On to numbers 8 and 9, which are both marked on maps, so should be easy to find. Number 10 is a bit special, and will feature in a future post.
8. Church Lane to Moss Lane
I’ve found this one to be the most used snicket of the selection I’ve shown you. It can get a bit muddy in the winter as a result of the through-traffic.
As you walk past the lovely Pinner House (built in the 17-18th centuries, now a nursing home) on Church Lane, which leads off the top of the High Street, you’ll see to your left a small road called Ingle Close. The footpath is signposted clearly and is made even more obvious by the pavement vanishing after this point. There are often conkers to collect around the entrance in the Autumn.
The Mule has travelling up the line to Aylesbury, county town of Buckinghamshire. Although not so many miles away neither of us had visited what is the most sizable stop on the line outside of London. At one time served by the Metropolitan and Great Central railways, Aylesbury is now the end of the line and a pleasant hour’s journey out of London Marylebone on the Chiltern Turbo. The countryside is very much interwar Metro-land suburbia until past Northwood when the urban sprawl turns into countryside and stops become distinct towns in the Hertfordshire and Buckinghamshire countryside. Passing through the modest Chiltern hills we pass the Boer War memorial atop Coombe Hill upon leaving Wendover. Before we realised it we were pulling into Aylesbury.
According to the Urban Dictionary, a snicket is defined as a “partially vegetated alleyway or cut-through in the north of England, usually with bollards at both ends and is poorly lit”. I suppose, in the leafy suburb of Pinner, we just call them alleys – and our mothers usually forbid us to go down them alone at night.
With that warning vaguely in mind, I consider the snickets of Pinner are by far the best way to walk around quickly and they’re absolutely all over the place. Quite a few are on the map, or at least identified by a footbridge over Woodridings Brooks or the Pinn, but there are several that aren’t marked at all. My plan is to take you on a tour of the top ten or so, so that no longer will you stare down a fence-lined path and wonder where it leads. All paths are paved and lit unless stated otherwise.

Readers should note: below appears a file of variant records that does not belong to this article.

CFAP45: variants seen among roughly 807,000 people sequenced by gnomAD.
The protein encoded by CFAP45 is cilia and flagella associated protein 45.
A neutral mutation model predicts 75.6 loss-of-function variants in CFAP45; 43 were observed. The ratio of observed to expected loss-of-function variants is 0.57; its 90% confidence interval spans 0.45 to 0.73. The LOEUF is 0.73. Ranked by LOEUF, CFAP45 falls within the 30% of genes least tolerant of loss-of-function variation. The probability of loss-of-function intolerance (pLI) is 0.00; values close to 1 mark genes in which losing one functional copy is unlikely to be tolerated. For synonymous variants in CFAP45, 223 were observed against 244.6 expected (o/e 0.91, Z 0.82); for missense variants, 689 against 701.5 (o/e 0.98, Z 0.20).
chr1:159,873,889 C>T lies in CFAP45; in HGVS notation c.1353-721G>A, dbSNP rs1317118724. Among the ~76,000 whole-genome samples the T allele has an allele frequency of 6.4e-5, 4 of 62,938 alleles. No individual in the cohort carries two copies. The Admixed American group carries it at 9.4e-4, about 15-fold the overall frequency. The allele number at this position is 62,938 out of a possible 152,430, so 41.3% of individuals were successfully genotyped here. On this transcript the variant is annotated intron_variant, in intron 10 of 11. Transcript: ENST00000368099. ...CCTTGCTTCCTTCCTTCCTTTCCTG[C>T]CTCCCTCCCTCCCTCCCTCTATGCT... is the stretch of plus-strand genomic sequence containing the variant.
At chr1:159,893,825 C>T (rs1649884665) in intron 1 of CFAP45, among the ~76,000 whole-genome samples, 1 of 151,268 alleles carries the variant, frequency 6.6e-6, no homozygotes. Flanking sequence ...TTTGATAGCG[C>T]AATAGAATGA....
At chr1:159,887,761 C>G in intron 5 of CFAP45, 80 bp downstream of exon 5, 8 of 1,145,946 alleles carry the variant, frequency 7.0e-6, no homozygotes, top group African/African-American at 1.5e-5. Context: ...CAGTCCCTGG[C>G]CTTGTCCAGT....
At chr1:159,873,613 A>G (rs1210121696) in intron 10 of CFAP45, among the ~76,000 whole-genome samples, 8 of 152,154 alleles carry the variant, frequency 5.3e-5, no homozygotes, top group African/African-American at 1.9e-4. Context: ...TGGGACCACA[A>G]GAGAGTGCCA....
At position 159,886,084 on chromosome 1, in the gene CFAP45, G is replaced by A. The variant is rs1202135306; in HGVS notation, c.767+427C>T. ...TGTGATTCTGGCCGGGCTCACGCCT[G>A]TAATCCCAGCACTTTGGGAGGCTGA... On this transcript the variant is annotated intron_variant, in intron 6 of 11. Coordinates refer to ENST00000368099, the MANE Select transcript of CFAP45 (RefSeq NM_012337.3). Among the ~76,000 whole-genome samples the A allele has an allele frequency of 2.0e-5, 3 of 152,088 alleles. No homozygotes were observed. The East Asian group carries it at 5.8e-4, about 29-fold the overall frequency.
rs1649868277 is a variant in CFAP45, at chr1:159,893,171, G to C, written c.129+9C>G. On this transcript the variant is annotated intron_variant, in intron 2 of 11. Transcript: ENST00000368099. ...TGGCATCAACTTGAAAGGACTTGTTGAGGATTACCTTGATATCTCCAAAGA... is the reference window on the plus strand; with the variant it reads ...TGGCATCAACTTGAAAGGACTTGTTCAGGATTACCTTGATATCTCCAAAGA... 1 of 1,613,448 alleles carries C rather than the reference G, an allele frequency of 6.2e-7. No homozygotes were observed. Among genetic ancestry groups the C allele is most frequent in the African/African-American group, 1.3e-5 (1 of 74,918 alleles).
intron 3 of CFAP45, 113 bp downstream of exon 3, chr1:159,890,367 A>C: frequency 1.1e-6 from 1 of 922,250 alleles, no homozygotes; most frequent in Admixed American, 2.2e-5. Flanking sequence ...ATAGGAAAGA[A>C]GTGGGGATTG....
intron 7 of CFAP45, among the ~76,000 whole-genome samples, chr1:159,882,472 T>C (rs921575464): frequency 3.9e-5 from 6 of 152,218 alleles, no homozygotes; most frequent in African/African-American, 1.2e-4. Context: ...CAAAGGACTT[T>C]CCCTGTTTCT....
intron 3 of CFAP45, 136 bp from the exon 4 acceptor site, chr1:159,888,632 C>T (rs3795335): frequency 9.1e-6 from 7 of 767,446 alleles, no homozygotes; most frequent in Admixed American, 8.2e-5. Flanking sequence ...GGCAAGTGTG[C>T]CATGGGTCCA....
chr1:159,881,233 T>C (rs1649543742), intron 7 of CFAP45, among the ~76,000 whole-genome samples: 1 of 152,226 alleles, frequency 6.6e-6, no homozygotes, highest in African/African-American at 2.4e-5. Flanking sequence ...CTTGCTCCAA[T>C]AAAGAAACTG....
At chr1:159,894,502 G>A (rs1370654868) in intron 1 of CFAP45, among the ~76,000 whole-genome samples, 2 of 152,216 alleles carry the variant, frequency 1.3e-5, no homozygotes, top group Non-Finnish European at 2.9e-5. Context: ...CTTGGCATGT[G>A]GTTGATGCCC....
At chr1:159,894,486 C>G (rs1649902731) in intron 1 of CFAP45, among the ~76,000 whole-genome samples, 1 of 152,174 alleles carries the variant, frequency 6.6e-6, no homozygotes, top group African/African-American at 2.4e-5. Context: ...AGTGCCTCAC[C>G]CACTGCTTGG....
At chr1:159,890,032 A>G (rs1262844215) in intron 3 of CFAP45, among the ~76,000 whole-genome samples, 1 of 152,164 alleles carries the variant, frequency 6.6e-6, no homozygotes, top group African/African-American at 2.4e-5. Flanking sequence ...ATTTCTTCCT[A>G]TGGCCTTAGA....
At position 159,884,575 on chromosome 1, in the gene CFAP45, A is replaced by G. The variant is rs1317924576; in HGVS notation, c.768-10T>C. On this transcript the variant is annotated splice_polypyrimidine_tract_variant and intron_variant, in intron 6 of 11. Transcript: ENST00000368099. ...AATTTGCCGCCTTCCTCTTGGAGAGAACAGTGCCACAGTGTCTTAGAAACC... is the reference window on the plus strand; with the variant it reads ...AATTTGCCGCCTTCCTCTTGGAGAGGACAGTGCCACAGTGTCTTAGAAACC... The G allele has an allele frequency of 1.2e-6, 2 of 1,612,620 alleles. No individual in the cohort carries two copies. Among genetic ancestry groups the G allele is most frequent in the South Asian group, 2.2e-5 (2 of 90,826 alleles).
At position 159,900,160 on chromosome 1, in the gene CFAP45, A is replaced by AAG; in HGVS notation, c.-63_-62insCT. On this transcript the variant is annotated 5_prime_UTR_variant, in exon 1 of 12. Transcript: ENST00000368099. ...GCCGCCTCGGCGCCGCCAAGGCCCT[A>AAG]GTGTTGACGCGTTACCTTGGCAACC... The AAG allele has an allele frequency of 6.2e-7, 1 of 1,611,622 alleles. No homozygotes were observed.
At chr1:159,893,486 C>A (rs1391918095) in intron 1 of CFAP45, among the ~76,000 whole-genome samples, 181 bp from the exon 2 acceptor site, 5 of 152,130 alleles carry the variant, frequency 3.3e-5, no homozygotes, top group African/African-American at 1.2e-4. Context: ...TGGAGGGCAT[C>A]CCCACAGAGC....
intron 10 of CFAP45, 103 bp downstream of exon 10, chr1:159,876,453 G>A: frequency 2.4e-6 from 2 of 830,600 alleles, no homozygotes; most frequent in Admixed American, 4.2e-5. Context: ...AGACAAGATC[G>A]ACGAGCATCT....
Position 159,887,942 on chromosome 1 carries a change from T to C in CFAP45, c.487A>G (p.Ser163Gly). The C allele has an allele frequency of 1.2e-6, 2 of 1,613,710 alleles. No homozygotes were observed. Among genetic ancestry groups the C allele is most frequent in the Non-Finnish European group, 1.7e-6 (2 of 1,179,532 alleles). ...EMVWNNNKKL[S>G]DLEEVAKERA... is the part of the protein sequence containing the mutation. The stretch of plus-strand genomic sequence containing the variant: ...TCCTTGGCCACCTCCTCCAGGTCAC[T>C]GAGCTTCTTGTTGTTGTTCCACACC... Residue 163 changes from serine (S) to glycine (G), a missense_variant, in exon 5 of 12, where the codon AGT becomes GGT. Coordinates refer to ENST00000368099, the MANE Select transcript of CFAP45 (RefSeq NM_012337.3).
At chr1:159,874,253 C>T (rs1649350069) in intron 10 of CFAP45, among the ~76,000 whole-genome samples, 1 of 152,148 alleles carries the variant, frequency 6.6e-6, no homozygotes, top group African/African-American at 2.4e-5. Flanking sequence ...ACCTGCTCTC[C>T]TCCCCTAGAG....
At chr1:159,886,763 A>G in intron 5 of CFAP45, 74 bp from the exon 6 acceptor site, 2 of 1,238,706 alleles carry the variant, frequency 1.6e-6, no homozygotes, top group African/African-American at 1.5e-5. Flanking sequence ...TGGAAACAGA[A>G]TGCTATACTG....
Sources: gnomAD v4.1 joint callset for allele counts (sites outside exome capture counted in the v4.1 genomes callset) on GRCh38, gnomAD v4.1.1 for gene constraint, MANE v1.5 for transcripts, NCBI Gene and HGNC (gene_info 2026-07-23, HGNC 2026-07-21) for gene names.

1. The Dell to Elm Park Road
If I’d known about this earlier, this would have been a very useful little cut-through. The Dell itself proclaims loudly that it’s a private road and do be aware that there are three deliberately tucked-away little cottages at the beginning of the snicket. As you proceed, you’ll find the dainty path becoming more genuinely snickety as you go along. You reach a t-junction a few minutes in where a fenced and formerly gated path takes you left into Little Common, which is a smallish park with a children’s playground. If you wanted, you could continue through the park on to Elm Park Road, which connects Bridge Street with the Uxbridge Road.
More interestingly, however, if you continue along the snicket proper, you eventually come out right by Haywood Close (off Elm Park Road), which would have, for us, made getting to Tesco and the vet’s a whole lot easier. You live and learn.
I recently rediscovered Transport for London’s live departure boards for tube stations. I find this a useful feature as it allows me to plan my departure from home allowing me to arrive just in time to catch the train to work rather than just watch it leave as I do normally. It then struck me that there might be an iPhone app that incorporates it. Clearly the developers are way ahead of me on this and there indeed several that make available the departure boards in a handy interface.
To date I’ve been using London Tube Status which simply provides the status of the various London Underground lines. It does the job, looks nice and it’s free, however it seems I’ve been missing a trick. From the same author is TubeDeluxe, an app for just 59p which integrates the departure boards, journey planner, tube map and nearest station finder with the line status report. I browsed a number of London travel apps before going with TubeDeluxe and I have to say it’s proven a sound choice.
Let’s start with the departure boards. The Mule resides on the Met line; many miles outside of central London and with trains sufficiently far apart that you don’t really want to extend the commute even longer through having just missed one train and having to wait 10 mins or so for the next. Choose your line, your station and see when the train is due and plan your departure from home accordingly. Excellent. It’s effectively designed and on a line such as the Met where many station don’t show much if any live train information you can be keep a step ahead. Handily, for stations where the line is shared with Chiltern Railways, the departure boards show their departures too.